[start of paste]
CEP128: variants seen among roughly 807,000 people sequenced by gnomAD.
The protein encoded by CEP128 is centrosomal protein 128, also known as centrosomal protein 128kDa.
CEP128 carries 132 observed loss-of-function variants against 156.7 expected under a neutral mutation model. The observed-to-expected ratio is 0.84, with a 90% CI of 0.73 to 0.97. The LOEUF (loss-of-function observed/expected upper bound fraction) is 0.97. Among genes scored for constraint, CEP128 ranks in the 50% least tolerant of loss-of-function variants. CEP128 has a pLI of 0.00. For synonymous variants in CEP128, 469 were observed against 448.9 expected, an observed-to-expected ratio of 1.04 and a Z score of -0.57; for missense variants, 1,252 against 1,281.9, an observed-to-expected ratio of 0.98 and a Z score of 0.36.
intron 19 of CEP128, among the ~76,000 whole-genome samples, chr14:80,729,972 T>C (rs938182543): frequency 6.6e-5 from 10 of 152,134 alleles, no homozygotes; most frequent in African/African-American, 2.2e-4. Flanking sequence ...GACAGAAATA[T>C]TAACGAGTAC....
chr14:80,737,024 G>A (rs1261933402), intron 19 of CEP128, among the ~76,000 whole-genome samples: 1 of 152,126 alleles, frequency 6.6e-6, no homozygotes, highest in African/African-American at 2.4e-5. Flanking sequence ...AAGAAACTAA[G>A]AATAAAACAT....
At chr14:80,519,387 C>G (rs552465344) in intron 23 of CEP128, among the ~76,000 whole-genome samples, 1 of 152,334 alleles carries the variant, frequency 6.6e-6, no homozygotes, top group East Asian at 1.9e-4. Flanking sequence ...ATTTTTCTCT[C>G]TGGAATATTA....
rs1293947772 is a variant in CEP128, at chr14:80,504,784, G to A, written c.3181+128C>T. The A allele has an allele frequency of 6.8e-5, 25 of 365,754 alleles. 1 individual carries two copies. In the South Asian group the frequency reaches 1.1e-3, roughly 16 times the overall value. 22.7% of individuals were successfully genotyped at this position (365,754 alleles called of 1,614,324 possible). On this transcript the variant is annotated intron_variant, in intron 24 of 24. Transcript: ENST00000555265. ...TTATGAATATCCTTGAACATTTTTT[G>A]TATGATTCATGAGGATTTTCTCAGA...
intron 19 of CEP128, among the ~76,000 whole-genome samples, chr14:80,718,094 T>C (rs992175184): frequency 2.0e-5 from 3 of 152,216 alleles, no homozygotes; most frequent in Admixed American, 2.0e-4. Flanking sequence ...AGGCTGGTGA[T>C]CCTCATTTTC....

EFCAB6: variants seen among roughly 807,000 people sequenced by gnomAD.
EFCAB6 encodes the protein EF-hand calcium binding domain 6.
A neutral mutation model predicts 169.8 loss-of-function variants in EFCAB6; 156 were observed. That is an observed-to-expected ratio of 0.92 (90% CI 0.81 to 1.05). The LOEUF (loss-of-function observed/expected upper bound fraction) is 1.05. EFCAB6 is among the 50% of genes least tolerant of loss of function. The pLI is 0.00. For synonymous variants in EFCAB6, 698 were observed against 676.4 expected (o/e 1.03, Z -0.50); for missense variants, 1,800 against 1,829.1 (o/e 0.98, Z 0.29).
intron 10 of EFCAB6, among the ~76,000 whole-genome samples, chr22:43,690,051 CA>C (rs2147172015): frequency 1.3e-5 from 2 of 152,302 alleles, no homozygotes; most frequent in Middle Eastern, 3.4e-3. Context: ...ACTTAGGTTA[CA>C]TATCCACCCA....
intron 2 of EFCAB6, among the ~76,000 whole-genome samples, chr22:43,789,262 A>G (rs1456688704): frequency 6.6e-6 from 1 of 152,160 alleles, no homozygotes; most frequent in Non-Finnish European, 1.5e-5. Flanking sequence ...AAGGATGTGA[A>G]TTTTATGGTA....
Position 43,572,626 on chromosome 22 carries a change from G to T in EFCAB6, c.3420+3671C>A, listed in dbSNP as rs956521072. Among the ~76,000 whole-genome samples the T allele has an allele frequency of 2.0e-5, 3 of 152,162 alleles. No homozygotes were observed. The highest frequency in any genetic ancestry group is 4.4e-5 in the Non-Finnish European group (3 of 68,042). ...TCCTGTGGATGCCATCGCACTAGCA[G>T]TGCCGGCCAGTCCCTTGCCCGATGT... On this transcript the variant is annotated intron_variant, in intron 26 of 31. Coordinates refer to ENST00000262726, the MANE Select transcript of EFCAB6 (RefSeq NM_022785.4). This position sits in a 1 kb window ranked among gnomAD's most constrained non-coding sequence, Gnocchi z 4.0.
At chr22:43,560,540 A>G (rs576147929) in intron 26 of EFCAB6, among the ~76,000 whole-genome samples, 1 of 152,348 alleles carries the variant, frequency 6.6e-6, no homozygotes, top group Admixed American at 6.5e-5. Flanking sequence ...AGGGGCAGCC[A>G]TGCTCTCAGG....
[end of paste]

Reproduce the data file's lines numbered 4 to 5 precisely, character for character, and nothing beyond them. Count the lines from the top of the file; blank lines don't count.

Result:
intron 19 of CEP128, among the ~76,000 whole-genome samples, chr14:80,729,972 T>C (rs938182543): frequency 6.6e-5 from 10 of 152,134 alleles, no homozygotes; most frequent in African/African-American, 2.2e-4. Flanking sequence ...GACAGAAATA[T>C]TAACGAGTAC....
chr14:80,737,024 G>A (rs1261933402), intron 19 of CEP128, among the ~76,000 whole-genome samples: 1 of 152,126 alleles, frequency 6.6e-6, no homozygotes, highest in African/African-American at 2.4e-5. Flanking sequence ...AAGAAACTAA[G>A]AATAAAACAT....